Teaching option suggested for working with special students

Teaching assistants with specialized skills offer alternative

Re: Special needs need addressing (Our View, Sept. 24)

I agree with your article about the need for children with learning and behavioural needs requiring extra one-to-one assistance and that moving them out would not be the best solution. I would like to suggest another option that is a win-win for all involved.

If there was a classroom or two in each school dedicated to children with special needs, that was staffed by teacher assistants with specialized training on behaviour management and varied learning needs, the students would have a smaller class size with more one-to-one time.

Teacher assistants are often trained to teach in alternative styles to allow the child to learn in a nonconventional way and their pay is less than a teacher with a degree. Maybe their curriculum is met or they learn more of the things they “need to know to be an active community member.” The children would still be in the same school as their peers and would meet at recess and lunch breaks.

They could most likely join them for music, art, PE or other classes they are able to manage. Our children are all individuals and their learning needs all need to be met, whether they have “special” learning or behavioural needs, or are just struggling in math or reading.

They should all have individual education plans and bureaucracy or school board budgets shouldn’t interfere with their learning. Also, the government is obviously trying to force more families into the private schooling sector. Taxpayers buying into this and suggesting they shouldn’t have to pay school tax should look at the teacher their grandchild is learning from, or the nurse they will eventually come into contact with in their older years, and ask if education is important to them and the community in general?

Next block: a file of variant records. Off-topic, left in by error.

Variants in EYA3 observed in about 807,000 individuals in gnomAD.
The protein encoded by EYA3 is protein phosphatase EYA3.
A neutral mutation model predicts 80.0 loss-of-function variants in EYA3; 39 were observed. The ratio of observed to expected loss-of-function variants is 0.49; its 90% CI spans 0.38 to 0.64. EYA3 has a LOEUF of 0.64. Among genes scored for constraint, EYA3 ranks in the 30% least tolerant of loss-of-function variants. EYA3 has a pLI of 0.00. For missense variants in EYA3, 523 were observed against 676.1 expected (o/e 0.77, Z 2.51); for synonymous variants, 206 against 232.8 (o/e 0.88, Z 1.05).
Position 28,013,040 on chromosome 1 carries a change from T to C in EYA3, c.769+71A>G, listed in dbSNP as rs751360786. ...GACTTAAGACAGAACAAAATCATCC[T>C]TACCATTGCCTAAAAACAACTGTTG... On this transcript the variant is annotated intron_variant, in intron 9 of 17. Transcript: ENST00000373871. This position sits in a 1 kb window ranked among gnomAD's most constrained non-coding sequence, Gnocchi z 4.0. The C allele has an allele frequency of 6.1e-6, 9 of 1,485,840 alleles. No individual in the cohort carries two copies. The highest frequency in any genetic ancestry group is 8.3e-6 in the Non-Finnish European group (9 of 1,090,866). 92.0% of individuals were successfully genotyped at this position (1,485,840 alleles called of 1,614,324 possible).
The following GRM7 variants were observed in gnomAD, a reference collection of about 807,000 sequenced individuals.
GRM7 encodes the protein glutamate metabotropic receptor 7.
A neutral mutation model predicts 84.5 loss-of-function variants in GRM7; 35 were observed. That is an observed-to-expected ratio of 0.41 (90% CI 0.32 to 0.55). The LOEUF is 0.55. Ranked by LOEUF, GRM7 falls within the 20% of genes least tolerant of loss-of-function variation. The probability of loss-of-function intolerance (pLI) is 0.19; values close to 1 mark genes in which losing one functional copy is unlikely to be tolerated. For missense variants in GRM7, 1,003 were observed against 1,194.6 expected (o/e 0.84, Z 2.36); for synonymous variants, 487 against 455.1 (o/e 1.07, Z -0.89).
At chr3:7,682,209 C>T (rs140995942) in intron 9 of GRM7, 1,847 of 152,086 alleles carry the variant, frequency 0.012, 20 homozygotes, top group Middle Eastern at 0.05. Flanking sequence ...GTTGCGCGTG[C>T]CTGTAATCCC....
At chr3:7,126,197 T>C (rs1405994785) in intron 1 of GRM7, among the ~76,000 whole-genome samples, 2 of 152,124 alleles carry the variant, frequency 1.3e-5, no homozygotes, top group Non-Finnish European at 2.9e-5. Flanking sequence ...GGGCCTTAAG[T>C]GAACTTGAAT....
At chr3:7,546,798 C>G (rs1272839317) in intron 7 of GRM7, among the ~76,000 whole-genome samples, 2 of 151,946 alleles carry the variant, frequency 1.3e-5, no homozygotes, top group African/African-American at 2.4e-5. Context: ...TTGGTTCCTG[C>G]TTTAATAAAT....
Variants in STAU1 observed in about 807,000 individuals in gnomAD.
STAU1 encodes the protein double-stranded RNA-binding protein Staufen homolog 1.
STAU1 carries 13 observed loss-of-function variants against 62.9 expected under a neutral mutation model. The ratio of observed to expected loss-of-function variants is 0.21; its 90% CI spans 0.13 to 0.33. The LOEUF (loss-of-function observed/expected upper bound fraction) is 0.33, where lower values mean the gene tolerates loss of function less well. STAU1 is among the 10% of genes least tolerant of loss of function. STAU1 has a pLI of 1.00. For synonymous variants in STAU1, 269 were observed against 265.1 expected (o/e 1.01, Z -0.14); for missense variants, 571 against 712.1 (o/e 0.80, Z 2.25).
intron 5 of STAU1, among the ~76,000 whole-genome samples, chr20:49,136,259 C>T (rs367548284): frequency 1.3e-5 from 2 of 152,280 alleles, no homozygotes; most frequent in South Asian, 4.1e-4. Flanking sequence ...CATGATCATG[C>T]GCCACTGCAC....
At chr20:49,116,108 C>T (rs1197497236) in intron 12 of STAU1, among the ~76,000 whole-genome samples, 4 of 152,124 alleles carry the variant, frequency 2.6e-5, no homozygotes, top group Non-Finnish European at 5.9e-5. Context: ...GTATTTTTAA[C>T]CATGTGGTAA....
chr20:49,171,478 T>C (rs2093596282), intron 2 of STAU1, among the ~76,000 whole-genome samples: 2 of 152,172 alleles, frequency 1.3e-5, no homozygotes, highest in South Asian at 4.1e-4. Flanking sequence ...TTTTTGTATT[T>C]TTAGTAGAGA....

Laura Johnson

Metchosin

Just Posted

Retiring Oak Bay geriatrics doctor shares his philosophy

‘People are unacquainted with death,’ Dr. David Brook said

Your summer 2019 outdoor movie roundup

Enjoy free outdoor movies in Greater Victoria this summer

International conference to boost Indigenous languages comes to Victoria

Chiefs, politician, academics and Art Napoleon to attend

BC Summer Reading Club is back at the Greater Victoria Public Library

BC Summer Reading Club is back at the Greater Victoria Public Library

WATCH: Thousands gather for National Indigenous Peoples Day at Royal Roads University

Day to embrace and celebrate culture and lives of Indigenous peoples

Wildfire burning in coastal forest

A fire beside the Sea to Sky Highway is burning up a steep slope

PHOTOS: Event marks one year since soccer team rescued from Thai cave

Nine players and coach took part in marathon and bike event to help improve conditions at cave

Rock climber dies after fall at Stawamus Chief in Squamish

The man had fallen about 30 metres while climbing in the Grand Wall area

Five B.C. students taken to hospital after playing with vaping device

School district said students were taken to hospital ‘out of an abundance of caution’

Being a pot dealer is not what it used to be

Sunday Big Read: the business of selling marijuana in B.C. is a slow bureaucratic slog

VIDEO: Two more pride flags have been stolen from Langley woman

Lisa Ebenal was “angry” and “fed up” after the latest theft. Then people started showing suppport

B.C. couple who has raised 58 children turns to community amid cancer diagnosis

Family who raised, fostered and adopted many kids hoping to gain some precious together time to fight cancer

Canucks acquire forward J.T. Miller from Lightning

J.T. Miller, 26, had 13 goals and 34 assists for the Lightning last season

Most Read